Association of parental genetic distance with heterosis and specific combining ability in quality protein maize
Dagne Wegary, Bindiganavile Vivek and Maryke Labuschagne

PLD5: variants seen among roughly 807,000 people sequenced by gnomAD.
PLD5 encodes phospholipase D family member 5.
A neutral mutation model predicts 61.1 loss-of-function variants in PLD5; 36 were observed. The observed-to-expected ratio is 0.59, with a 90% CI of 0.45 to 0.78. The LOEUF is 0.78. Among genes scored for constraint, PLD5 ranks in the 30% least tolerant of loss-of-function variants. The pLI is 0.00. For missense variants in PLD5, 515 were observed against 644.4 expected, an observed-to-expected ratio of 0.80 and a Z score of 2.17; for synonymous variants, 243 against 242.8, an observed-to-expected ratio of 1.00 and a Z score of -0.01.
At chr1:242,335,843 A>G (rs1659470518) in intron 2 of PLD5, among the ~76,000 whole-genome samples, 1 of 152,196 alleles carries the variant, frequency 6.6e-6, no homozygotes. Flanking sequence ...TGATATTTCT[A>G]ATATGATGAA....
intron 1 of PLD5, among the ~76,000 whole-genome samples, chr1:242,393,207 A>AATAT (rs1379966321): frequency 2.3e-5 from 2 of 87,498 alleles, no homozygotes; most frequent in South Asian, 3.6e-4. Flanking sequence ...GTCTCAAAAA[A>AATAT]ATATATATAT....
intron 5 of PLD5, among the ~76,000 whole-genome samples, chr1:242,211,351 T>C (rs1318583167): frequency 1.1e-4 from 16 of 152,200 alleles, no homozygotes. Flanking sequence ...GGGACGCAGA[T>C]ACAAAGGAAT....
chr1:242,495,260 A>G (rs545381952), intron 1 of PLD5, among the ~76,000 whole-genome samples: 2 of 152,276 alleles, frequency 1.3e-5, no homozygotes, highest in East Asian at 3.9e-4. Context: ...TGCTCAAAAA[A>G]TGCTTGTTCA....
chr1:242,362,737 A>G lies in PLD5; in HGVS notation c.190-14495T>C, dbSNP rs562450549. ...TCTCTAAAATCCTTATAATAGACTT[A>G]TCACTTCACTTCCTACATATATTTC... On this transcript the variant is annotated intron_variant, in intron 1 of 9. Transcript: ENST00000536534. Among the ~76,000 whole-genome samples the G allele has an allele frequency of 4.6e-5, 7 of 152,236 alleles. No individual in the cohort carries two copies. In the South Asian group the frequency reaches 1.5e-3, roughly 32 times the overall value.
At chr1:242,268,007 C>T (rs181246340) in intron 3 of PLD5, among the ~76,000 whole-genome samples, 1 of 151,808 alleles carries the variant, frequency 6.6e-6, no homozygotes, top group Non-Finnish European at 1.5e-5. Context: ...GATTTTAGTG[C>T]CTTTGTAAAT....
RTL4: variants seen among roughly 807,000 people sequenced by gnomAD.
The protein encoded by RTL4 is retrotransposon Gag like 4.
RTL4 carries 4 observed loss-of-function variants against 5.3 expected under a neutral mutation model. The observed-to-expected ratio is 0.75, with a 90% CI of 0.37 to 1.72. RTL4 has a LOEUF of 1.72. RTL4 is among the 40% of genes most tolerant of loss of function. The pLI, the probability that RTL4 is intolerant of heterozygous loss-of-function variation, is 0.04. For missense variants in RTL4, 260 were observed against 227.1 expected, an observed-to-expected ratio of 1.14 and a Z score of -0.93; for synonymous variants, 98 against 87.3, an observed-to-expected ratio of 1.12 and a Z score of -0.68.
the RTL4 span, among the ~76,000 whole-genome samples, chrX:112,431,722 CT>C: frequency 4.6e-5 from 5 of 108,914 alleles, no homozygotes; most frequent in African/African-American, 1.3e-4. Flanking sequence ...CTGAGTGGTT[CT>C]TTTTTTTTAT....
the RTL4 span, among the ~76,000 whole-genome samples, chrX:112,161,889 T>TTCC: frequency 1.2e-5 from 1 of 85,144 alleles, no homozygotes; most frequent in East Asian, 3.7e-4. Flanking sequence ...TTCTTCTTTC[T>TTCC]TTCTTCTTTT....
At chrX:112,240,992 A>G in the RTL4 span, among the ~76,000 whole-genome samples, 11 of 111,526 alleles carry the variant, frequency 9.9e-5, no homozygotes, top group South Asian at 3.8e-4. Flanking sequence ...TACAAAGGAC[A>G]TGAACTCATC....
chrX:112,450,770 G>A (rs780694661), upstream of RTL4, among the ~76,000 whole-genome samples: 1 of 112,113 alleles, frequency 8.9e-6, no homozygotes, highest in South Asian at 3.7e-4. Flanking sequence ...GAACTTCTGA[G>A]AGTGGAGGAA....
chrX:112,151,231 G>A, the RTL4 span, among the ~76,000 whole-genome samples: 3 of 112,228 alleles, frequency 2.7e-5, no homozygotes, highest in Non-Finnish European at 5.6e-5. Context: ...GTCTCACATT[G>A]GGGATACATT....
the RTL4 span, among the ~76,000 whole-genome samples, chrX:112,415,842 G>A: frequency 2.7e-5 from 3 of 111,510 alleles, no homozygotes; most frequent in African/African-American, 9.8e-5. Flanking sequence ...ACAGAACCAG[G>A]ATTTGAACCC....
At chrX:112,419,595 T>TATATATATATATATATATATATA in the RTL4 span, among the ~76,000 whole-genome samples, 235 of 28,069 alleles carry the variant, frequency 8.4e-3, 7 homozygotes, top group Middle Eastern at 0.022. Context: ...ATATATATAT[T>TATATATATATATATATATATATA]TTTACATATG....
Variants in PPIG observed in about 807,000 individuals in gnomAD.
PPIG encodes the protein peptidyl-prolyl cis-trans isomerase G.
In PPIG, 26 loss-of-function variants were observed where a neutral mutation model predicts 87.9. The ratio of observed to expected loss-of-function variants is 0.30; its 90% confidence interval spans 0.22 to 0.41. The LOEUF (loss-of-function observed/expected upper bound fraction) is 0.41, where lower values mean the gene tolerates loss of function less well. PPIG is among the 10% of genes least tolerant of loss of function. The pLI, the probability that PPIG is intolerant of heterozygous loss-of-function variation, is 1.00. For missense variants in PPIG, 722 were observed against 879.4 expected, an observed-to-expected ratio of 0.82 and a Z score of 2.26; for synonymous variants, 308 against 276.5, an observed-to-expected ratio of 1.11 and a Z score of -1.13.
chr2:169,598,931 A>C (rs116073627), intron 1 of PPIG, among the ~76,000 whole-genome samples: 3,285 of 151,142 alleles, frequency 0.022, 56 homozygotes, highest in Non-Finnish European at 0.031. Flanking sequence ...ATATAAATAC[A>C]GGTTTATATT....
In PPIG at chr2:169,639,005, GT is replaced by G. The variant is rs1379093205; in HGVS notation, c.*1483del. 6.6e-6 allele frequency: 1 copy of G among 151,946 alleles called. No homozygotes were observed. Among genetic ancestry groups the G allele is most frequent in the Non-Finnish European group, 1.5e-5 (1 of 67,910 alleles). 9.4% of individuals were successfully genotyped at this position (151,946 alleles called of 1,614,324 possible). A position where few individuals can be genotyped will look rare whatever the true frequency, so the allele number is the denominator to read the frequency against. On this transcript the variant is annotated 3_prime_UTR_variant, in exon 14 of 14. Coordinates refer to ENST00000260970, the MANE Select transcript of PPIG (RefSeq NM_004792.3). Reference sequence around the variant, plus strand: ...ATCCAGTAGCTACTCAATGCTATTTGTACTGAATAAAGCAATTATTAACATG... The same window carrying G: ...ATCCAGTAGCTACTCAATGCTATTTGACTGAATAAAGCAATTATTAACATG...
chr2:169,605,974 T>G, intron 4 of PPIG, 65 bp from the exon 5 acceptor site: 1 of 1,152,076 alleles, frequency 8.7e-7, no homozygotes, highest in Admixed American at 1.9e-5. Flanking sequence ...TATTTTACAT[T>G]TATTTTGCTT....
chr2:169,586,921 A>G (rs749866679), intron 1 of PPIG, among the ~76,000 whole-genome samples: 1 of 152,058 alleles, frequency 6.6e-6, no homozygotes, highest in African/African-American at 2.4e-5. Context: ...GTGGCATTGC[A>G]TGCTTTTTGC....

Genetic distance analysis among quality protein maize (QPM) inbred lines and the correlation of genetic distance with heterosis would help to design breeding strategy and predict hybrid performance. This study was carried out to determine the amount of genetic diversity among QPM inbred lines using SSR markers and morphological distances; to classify the inbred lines according to their relationships; and to estimate the correlations of SSR markers and morphological distances with hybrid performance, heterosis and specific combining ability (SCA). One-hundred and five hybrids generated by diallel crossing of 15 QPM inbred lines were evaluated with the 15 parents for 17 morphological traits at Harare, Zimbabwe and Bako, Ethiopia and also examined for DNA polymorphism using 40 SSR markers. SSR markers and morphological methods of genetic distance estimates showed moderately high genetic distance among the inbred lines studied. Cluster analysis based on the two distance measures grouped the 15 parental lines differently. The SSR marker-based genetic distance was positively and highly significantly correlated with grain yield (r = 0.37), and negatively and highly significantly with days to anthesis (r = −0.40) and days to silking (r = −0.42). These relationships suggest that high grain yield and earliness of QPM hybrids can be predicted from SSR marker determined distances of the parents, although the correlation values were not very high. The correlations of SSR marker distance with heterosis were too low to be of predictive value except for the case of plant height. Morphological distances were of less importance in predicting hybrid performance and SCA effects of hybrids.